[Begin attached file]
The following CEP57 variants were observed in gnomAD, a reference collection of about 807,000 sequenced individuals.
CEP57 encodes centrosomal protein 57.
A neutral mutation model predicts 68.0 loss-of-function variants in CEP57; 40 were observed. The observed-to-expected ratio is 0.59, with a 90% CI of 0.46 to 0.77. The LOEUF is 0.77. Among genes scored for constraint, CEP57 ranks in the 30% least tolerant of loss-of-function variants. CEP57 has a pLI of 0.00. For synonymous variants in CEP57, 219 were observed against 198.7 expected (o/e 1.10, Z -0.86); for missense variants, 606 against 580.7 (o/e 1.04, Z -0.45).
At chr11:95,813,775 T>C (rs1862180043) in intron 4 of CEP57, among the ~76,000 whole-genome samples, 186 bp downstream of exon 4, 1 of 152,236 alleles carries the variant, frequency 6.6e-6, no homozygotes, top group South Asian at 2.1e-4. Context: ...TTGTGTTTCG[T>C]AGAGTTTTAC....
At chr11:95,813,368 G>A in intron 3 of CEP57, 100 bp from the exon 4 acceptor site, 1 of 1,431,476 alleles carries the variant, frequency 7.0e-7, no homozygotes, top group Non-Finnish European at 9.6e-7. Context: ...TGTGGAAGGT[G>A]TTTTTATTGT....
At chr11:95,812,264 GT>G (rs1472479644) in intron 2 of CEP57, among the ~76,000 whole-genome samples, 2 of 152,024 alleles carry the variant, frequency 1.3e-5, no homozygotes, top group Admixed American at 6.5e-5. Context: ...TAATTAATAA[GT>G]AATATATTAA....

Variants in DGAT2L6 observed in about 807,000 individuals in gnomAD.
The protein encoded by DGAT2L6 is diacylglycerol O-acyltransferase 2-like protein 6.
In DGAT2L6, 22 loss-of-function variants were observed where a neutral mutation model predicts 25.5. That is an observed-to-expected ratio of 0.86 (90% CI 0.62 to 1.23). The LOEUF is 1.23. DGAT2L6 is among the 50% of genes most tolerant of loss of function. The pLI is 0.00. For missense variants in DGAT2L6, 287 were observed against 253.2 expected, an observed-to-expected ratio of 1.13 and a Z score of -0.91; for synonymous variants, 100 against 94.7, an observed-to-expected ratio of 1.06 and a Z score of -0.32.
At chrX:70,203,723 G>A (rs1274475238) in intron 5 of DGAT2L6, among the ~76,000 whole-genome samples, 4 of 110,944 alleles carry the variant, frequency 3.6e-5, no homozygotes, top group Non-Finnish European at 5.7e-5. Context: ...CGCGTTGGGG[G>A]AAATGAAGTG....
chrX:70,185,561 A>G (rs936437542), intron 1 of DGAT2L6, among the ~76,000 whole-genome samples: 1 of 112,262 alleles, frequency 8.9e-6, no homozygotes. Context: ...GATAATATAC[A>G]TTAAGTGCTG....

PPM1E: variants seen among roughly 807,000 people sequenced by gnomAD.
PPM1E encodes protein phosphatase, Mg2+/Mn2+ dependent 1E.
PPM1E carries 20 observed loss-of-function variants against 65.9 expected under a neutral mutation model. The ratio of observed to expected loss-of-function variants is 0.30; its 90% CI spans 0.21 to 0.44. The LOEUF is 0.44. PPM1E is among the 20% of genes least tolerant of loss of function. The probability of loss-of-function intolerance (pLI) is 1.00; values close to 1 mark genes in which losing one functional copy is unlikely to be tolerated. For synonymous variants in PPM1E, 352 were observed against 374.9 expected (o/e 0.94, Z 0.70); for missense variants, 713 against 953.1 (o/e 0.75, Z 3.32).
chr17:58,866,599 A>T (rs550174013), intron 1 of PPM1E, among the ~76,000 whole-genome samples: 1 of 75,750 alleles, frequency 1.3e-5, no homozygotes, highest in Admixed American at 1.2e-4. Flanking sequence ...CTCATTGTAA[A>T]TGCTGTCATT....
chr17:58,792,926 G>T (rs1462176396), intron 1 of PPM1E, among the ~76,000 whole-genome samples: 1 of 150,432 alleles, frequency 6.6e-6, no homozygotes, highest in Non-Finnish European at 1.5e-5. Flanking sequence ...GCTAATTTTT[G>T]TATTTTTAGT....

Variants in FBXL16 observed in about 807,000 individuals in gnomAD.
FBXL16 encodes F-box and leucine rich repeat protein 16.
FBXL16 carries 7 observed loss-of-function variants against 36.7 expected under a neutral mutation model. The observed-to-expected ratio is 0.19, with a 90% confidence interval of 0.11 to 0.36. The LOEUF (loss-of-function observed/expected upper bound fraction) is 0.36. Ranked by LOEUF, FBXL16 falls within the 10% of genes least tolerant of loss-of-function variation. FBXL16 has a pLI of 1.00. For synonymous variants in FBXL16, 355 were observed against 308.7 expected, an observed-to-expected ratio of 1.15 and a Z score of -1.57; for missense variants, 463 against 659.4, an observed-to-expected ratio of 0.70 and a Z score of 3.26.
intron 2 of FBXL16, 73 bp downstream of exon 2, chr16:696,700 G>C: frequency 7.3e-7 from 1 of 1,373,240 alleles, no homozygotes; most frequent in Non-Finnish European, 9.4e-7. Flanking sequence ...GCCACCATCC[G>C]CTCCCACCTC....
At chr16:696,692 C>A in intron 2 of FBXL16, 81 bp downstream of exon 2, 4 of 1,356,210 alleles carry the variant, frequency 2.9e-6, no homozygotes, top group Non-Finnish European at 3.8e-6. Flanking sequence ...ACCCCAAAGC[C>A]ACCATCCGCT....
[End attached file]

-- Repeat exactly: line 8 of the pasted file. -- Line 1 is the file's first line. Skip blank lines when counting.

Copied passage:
The protein encoded by DGAT2L6 is diacylglycerol O-acyltransferase 2-like protein 6.